Sunday, May 29, 2022

Scenery at Donohue - Part 2

In our efforts to reach a decent level of scenery in Charlevoix, i.e. all surfaces covered by at least one layer of ground cover, we undertook to ballast about 75% of the Donohue's section.

This is how things looked before ballasting the entire yard

I had already ballasted a few inches of track in the past, but it looked quite dark when the glue was dry so this time, I decided to add more beige coloured tile grout and sifted sand. It made the ballast dirtier in appearance and lighter in shade which is perfect to fit the very sandy river bank on which the paper mill is built.

Lots of hole patching and gap filling to waterproof the benchwork

About 8 feet by 1 feet of ground were covered in one session, which took us about 2 hours to complete. Applying ballast is not that long, but gluing this entire surface with an eye dropper can be maddening. In the past, I used a spray bottle with diluted glue, but since I don't want to ruin the printed backdrop or spray glue everywhere, I made the choice to go the long way. Fortunately, Louis-Marie helped me in this marathon against the clock.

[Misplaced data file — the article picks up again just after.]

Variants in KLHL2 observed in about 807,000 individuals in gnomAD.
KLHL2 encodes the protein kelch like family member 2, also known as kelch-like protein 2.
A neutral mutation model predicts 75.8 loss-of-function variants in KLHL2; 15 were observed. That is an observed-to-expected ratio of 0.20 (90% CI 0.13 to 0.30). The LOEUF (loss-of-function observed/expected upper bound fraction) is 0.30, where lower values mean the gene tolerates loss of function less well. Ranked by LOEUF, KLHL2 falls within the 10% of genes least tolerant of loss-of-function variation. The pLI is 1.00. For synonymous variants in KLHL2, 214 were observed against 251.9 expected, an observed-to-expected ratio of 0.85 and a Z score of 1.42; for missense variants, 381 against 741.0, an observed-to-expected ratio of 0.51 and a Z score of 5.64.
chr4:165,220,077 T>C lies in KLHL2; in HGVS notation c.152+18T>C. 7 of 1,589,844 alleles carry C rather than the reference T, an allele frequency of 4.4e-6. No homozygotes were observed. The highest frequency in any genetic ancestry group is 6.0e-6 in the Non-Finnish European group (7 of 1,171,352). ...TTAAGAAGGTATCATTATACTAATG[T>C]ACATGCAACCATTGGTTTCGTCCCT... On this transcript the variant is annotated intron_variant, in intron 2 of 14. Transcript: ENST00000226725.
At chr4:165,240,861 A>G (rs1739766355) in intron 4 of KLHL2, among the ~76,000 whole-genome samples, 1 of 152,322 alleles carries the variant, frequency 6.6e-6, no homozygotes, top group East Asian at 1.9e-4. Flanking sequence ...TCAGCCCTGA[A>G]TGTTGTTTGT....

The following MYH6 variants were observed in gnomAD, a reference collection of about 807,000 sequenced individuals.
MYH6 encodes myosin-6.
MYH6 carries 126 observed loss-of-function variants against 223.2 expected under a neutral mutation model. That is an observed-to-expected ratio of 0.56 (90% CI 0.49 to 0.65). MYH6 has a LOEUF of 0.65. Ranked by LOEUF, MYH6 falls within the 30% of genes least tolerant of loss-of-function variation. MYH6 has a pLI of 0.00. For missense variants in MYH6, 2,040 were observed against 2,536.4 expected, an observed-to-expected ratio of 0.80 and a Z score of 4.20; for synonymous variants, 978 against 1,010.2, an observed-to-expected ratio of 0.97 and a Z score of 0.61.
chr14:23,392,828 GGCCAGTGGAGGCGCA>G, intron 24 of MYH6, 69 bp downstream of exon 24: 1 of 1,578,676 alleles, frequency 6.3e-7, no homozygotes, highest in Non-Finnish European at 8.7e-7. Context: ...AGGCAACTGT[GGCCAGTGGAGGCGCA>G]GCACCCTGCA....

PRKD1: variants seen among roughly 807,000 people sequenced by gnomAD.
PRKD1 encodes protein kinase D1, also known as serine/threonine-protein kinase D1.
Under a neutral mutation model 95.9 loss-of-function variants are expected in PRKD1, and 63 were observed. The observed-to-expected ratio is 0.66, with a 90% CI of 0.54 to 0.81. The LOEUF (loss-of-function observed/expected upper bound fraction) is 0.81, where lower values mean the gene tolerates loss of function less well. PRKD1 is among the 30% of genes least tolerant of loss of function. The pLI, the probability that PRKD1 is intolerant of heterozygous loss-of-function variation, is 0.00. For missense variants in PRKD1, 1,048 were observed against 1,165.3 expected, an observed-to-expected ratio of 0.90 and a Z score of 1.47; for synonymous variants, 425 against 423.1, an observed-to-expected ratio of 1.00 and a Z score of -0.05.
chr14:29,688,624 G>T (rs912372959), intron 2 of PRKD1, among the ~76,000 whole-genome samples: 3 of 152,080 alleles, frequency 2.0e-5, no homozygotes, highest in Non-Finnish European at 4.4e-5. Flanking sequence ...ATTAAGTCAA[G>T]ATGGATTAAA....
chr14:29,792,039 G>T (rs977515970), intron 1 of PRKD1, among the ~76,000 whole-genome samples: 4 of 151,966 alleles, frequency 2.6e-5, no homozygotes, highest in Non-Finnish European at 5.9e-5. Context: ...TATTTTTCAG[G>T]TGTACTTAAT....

Dry ballast before gluing...

A small access road lines the yard...
...and connects to the entrance.

I've yet to see the result after it dries, but I feel it should be a good foundation for grass, sandy patches, oil spills and debris. This will certainly require several layers of material to get the same feeling as the prototype. Once again though, we have to reinterpret reality since our mill is much smaller than the real one and not exactly a perfect match.

The next step will be to glue the foundations of mill structures all around the Donohue. When done, it will be possible to complete, once for all, the first layer of ground cover. Also, several structures will receive - finally - there last details, including an interior for the newsprint warehouse.

1 comment:

  1. Matthew, I'm moving soon and will be constructing a new layout in N scale. I wonder if you might consider sharing with me the paper mill photos you used for your backdrop? Thanks! Geof